How high does your recruitment firm’s website content rank on Google?
To secure high search engine ranking positions you need to produce content that is engaging, informative and offers real value to your clients and candidates. Secondly, it must also be search engine optimised so that your audiences discover it when entering relevant search queries.
Here are some key tips that recruitment marketers can use to ensure that their agency’s blogs are SEO optimised and rank higher in Google’s search results.
Improve your recruitment firm’s blog rankings with these tips:
1. Research your keyword
Keywords are the words and phrases that clients and candidates enter into Google when searching for relevant content that fulfills their queries. Therefore, it is essential that the keyword you choose is relevant to the topic of your blog if it is to rank highly on Google.
Before writing a blog on your chosen topic, you should carry out keyword research to make sure that you are using a keyword that your target audience is using to search for content related to the subject and that it isn’t so competitive that you are unable to rank highly on Google.
Two tools that I recommend using to help with your keyword research are:
Answer the Public - A free tool which enables you to see the most popular search queries for topics or brands
Google Trends – This analyses the popularity of top search queries and uses graphs to compare the search volume over time across different regions
It is also important to understand the difference between short-tail keywords and long-tail keywords:
Short-tail keywords – these consist of one or two words and relate to broad search queries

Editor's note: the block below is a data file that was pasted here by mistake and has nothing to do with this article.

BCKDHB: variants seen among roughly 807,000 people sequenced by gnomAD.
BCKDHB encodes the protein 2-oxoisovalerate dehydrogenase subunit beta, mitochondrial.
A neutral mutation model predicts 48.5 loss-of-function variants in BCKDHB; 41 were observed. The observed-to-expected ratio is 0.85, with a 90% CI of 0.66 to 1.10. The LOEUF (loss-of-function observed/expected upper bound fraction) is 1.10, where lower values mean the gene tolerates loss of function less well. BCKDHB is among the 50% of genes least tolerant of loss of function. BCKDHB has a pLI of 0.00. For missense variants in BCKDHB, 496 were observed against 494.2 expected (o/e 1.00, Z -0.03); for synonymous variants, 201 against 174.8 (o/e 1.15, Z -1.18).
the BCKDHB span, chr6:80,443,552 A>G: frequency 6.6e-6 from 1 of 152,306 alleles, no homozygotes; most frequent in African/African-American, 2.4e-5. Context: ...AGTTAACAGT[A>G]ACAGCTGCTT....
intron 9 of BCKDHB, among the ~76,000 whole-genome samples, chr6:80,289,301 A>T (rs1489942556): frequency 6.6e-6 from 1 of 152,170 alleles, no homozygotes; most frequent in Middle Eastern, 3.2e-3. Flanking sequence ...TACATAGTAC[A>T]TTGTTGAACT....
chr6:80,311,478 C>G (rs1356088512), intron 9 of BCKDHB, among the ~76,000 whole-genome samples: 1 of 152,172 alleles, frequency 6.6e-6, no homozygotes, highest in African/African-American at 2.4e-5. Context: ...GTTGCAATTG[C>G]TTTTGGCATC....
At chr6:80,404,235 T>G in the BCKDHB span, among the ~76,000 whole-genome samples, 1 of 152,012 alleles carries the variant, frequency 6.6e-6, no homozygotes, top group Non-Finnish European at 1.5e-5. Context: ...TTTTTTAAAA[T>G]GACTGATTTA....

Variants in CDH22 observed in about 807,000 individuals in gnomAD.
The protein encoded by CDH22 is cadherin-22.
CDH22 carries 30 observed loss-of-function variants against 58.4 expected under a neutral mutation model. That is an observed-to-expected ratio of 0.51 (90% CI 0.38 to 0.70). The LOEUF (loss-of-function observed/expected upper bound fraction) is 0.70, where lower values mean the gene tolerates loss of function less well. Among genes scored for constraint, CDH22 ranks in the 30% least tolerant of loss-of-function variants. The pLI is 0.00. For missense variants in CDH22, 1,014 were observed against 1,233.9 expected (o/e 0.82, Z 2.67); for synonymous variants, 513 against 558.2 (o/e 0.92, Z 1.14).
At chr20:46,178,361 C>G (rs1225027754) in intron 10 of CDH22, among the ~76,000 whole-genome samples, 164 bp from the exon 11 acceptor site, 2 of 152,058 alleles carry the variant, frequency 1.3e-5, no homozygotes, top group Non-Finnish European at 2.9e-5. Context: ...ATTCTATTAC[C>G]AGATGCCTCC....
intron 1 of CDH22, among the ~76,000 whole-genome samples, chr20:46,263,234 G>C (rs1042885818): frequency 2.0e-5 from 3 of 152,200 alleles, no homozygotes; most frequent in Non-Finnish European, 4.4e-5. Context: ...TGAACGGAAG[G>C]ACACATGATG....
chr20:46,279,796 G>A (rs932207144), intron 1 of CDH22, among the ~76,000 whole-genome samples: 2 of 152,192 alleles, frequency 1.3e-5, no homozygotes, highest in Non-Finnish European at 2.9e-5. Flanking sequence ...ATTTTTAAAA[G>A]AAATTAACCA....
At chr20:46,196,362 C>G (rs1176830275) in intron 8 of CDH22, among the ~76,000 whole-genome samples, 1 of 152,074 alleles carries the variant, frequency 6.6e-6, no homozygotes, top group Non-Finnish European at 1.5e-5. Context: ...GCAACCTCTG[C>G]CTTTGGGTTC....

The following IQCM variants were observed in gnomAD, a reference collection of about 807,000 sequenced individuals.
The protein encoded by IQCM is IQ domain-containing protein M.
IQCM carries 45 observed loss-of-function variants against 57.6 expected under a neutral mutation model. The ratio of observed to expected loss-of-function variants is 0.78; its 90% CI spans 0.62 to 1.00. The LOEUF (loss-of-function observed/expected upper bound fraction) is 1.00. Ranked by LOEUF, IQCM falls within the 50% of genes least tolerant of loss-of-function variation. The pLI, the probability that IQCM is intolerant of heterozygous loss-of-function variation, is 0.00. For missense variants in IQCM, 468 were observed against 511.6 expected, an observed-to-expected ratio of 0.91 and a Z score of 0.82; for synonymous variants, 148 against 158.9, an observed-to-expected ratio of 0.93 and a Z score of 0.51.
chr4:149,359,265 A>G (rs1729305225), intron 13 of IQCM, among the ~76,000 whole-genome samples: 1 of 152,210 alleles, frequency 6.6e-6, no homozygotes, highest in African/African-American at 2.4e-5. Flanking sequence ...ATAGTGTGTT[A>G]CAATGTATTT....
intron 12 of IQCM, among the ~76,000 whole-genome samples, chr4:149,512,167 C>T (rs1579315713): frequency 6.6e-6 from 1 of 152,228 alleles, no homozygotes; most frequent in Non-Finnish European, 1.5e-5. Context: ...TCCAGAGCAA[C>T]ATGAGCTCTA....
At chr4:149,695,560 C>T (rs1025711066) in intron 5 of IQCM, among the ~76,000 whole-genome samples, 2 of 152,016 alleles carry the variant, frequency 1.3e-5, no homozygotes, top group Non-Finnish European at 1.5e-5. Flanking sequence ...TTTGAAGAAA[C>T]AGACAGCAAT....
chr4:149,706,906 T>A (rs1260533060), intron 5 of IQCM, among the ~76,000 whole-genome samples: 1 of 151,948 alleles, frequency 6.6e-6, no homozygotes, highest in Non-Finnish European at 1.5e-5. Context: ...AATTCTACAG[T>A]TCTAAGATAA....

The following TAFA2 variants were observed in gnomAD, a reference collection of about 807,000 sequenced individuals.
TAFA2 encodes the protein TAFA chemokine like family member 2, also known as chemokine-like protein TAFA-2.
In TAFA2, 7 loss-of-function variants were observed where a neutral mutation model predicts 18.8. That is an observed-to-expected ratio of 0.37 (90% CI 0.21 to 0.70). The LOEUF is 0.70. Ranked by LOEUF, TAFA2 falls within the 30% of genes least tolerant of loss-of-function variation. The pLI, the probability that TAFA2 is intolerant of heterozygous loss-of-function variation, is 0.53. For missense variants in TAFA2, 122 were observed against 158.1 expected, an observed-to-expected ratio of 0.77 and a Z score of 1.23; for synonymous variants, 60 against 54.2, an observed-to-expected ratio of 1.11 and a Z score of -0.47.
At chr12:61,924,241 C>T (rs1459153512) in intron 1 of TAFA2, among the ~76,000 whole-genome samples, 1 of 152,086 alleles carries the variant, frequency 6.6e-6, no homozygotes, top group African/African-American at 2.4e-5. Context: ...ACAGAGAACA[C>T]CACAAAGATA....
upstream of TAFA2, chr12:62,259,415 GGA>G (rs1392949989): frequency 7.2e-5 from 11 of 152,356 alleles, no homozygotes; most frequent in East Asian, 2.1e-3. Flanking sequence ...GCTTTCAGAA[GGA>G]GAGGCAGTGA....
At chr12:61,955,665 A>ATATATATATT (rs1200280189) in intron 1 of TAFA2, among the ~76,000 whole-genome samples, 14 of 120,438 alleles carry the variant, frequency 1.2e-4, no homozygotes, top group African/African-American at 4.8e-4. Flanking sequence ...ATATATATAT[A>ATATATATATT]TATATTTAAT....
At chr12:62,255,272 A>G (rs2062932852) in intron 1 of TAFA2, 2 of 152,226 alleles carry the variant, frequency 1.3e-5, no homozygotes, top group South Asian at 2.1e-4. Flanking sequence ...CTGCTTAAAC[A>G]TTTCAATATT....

Long-tail keywords – these are usually between three to five words
Whilst it can be tempting to use short-tail keywords in your content as it can be far easier writing loosely about a broad topic, these can be extremely difficult to rank for and even if you manage to you are more likely to be attracting a generic audience to your site.
Therefore you should consider using long-tail keywords to carefully produce content targeted towards the needs of your audience. For example, if you are a marketing recruitment agency writing a blog on interview advice, you should think about what your ideal candidates are more likely to search for - ‘interview tips’ or ‘common marketing interview questions’?
2. Optimise your title tag
The title tag is what is displayed on search engine ranking pages (SERPS) as a clickable link to your blog post. The title tag is often confused with the title of your blog post (also known as the H1) – however, the H1 is only displayed on your website.
So what can you do to create a title tag that helps your blogs stand out from other recruitment firms?
Make it the right length – Depending on the device used, Google typically displays the first 60 characters of a title tag before being truncated with an ellipsis "..." added.
Communicate the benefits – It’s vital that you put yourselves in the position of your audience and adapt the title tag to something that would pique their interests and communicate the value of your content.